Recycling: are we doing the right thing right?

By Scott Logue

China, the largest consumer of recyclable material from the U.S., is now turning us away at the port, raising questions about the future of what, for most of us, has become as American as organic, low-carb, gluten-free, fair-trade apple pie. 

China processed 4,000 shipping containers of recycled materials per day, including half of the world’s discarded plastic. It’s estimated by the University of Georgia that by 2030, China’s ban will generate 111 million metric tons of trash in the U.S., with nowhere to go. That works out to the mass of 21 great pyramids, give or take. With China cutting its imports of recyclable plastic by 99 percent, we’re set to build some colossal plastic pyramids of our own.

Cities are killing curbside recycling pickup and recycling centers, while the decline in the price of oil has made the production of virgin plastic cheaper than recycling it. Newspapers, cans and bottles are being rerouted to incinerators or stockpiled in hope that a new consumption channel will become available.

To stash or trash? 
Like many other consumers and recyclers, I wanted to know what to do with the variety of products that are either clearly recyclable, contain recyclable components, or confound us as to their recyclability. We are aware of the recycling triangles stamped on many products, and that paper, glass and plastic bottles and aluminum cans are givens. 

Of those that confound us, I spent two weeks taking photos of items that I wasn’t sure how to dispose of, including those green plastic bins that hold strawberries, the shrink wrapped drinkable yogurt containers for kids, cardboard Kleenex boxes with the plastic piece you pull the tissues through (can I toss as-is, or should I separate the plastic from the paper box?), or what about those one-piece squeezable bottles of kid’s mouthwash that you can’t open to rinse out?

To answer some of these questions and to find out what was happening to our recycled materials, I contacted Waste Management in Orange County and toured  one of our local recycling facilities.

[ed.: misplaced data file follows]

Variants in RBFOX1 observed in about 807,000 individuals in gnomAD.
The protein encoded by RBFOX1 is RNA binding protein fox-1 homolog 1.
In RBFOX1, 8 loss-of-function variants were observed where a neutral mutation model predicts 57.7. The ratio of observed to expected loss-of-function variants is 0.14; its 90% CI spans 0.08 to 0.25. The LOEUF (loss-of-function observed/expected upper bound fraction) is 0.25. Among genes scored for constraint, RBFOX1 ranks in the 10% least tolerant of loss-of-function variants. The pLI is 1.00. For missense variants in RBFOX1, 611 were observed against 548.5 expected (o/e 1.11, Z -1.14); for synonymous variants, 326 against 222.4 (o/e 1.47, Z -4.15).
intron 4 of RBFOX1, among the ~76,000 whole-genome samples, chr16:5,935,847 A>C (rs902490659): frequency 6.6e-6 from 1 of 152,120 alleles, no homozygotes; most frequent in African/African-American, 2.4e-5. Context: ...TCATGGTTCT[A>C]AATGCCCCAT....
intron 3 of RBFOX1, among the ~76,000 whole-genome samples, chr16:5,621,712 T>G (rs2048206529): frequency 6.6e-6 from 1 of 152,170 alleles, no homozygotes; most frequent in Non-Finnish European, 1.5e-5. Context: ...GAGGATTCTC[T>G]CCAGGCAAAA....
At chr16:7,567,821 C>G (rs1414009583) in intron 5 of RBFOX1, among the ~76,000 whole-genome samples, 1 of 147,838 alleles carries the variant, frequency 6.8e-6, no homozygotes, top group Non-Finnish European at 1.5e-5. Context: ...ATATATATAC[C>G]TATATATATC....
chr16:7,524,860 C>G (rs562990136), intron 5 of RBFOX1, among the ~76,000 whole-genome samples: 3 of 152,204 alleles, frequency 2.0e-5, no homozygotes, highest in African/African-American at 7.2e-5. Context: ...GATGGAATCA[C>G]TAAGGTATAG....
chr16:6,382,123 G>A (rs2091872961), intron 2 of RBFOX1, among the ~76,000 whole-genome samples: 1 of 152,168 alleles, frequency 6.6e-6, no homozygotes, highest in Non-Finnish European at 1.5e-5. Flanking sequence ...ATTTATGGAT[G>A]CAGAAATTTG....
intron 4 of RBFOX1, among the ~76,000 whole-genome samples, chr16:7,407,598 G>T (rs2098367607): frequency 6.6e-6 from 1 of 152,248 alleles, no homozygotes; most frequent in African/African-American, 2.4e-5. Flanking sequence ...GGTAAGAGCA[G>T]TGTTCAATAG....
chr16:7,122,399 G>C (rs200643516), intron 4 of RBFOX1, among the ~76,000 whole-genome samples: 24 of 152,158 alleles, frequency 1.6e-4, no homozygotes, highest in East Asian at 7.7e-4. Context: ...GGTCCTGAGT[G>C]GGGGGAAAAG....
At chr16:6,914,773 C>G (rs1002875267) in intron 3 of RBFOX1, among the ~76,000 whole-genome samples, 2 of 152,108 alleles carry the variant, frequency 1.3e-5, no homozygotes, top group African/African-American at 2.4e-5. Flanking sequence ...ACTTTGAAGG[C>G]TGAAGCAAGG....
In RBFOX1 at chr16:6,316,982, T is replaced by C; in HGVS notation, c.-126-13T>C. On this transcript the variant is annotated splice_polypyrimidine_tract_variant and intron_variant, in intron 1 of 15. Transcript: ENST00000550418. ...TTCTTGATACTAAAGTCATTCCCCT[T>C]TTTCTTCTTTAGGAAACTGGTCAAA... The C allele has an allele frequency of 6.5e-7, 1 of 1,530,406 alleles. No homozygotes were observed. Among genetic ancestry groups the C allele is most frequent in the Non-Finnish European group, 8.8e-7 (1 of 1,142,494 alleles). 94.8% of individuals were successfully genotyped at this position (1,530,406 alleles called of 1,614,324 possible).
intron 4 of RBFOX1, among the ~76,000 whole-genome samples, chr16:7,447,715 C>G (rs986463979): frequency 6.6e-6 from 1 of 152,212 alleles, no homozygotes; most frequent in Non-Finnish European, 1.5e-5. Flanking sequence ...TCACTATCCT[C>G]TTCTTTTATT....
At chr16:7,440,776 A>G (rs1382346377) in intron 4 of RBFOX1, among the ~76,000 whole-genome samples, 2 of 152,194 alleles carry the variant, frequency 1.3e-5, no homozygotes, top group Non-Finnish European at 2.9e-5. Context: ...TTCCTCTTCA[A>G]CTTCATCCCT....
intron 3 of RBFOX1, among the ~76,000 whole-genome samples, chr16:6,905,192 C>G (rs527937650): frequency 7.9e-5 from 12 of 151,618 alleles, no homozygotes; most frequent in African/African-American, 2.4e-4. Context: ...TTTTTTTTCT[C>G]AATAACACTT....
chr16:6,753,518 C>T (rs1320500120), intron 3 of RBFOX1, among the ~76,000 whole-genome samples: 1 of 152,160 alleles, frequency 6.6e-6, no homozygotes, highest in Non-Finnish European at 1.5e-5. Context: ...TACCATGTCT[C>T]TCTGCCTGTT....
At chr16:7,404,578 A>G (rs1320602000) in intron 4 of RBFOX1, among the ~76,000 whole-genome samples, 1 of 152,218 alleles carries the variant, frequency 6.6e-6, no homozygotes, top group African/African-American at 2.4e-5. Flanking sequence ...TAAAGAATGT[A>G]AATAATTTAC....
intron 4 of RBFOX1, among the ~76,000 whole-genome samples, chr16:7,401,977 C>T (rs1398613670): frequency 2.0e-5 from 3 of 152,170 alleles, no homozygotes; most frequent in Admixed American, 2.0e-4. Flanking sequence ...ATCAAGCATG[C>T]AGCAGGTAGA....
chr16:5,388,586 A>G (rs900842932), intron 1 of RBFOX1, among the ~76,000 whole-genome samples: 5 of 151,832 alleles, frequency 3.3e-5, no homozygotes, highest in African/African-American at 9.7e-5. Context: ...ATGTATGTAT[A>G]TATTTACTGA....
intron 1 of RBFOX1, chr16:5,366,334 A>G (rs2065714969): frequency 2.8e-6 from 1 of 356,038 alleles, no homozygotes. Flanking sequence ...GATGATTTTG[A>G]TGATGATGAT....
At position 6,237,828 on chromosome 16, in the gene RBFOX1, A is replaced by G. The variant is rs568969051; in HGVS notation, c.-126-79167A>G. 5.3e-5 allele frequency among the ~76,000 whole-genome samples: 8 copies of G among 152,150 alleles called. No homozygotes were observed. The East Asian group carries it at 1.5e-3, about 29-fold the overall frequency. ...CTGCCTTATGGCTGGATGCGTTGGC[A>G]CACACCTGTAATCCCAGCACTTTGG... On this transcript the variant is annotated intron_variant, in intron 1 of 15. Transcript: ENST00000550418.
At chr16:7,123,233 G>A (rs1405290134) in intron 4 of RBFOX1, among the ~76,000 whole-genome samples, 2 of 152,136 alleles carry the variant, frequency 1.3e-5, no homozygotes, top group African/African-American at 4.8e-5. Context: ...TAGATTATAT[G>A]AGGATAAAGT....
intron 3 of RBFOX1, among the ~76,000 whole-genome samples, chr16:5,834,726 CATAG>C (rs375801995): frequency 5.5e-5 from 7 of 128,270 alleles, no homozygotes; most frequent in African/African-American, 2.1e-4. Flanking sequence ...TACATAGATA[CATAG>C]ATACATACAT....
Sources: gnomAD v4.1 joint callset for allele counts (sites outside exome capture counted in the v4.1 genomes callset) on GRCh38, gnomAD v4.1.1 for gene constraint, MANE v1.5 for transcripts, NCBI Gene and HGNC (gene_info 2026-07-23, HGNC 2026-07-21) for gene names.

See how its done
An impressive and educational visit it was, with a new appreciation for what it takes to sort recyclables, the challenges in producing as uncontaminated a product as possible, and what we can do to help.

During my visit, I was shown how the various machines use mechanical filters, human sorters, gravity, and even magnetic fields to sort all of the recyclables that we toss into our bins. Items that don’t measure up are removed and disposed of in the landfill. 

I learned that a single diaper can exceed the acceptable contamination rate for an entire bale of recycled material, sending that half-ton of recyclables, representing hundreds of homeowners’ efforts to do the right thing, straight into a landfill. 

When I asked my gracious guides what one thing they wish would disappear from recycling bins everywhere, the answer was unanimous: tanglers. Garden hoses and plastic bags, are the worst offenders. The long flexible pieces of metal, rubber or plastic wrap around the machinery and shut it down, sometimes breaking something in the process. Every day, while the facility idles for lunch, time is spent cutting, tearing, pulling and yanking tanglers from the works of the machinery.

Looks can be deceiving
As we pressed along, earplugs in and hard hats on, we walked the catwalk above the spinning conveyor belts and the small army of sorters surrounding them. I was shown a very heavy silvery glob of misshapen metal that someone clearly thought was recyclable because, hey, it’s metal after all. Just because something is made from the same material as the items that we recycle, doesn’t mean it is.

The challenge in recycling education comes from learning what, of the endless consumables we purchase every day, can be recycled. Considering the dozen items that confounded me in a single week, it became obvious that any attempt to classify every individual piece of refuse is simply untenable. No FAQ page on any website could possibly manage that effectively.

With the margin for error so perilously low (a single diaper), the cost of error so high (a 1,000-pound bale of otherwise perfectly good recyclables sent to a landfill), and the unlimited number of potentially recyclable, but cryptically ambiguous consumables, the odds for success favor a back-to-basics solution.

Better one than a ton
It starts with the producers, but it ends with us. If the companies we buy from would minimize their packaging, and then simplify what’s left, the process would become a whole lot easier for everyone else downstream.

In the meantime, if you have any doubt -- toss it out. Better to add a few items a week into the trash for the landfill, than risk contaminating an entire bale of paper, plastic or aluminum, representing hundreds of hours of effort.

I’m going to change how I recycle, and keep it simple. Really simple and back to basics. Paper, cans, glass and plastic bottles. Empty. Clean. Dry. No plastic bags. If it’s more complicated than that, send it to the landfill and save a whole bale of good intentions from ending up there too.

A day’s worth of recycled material awaits processing.

June 2019

Waste Management employees sort materials by hand, pulling unrecyclable waste from the mix. Photos by Nooshen Logue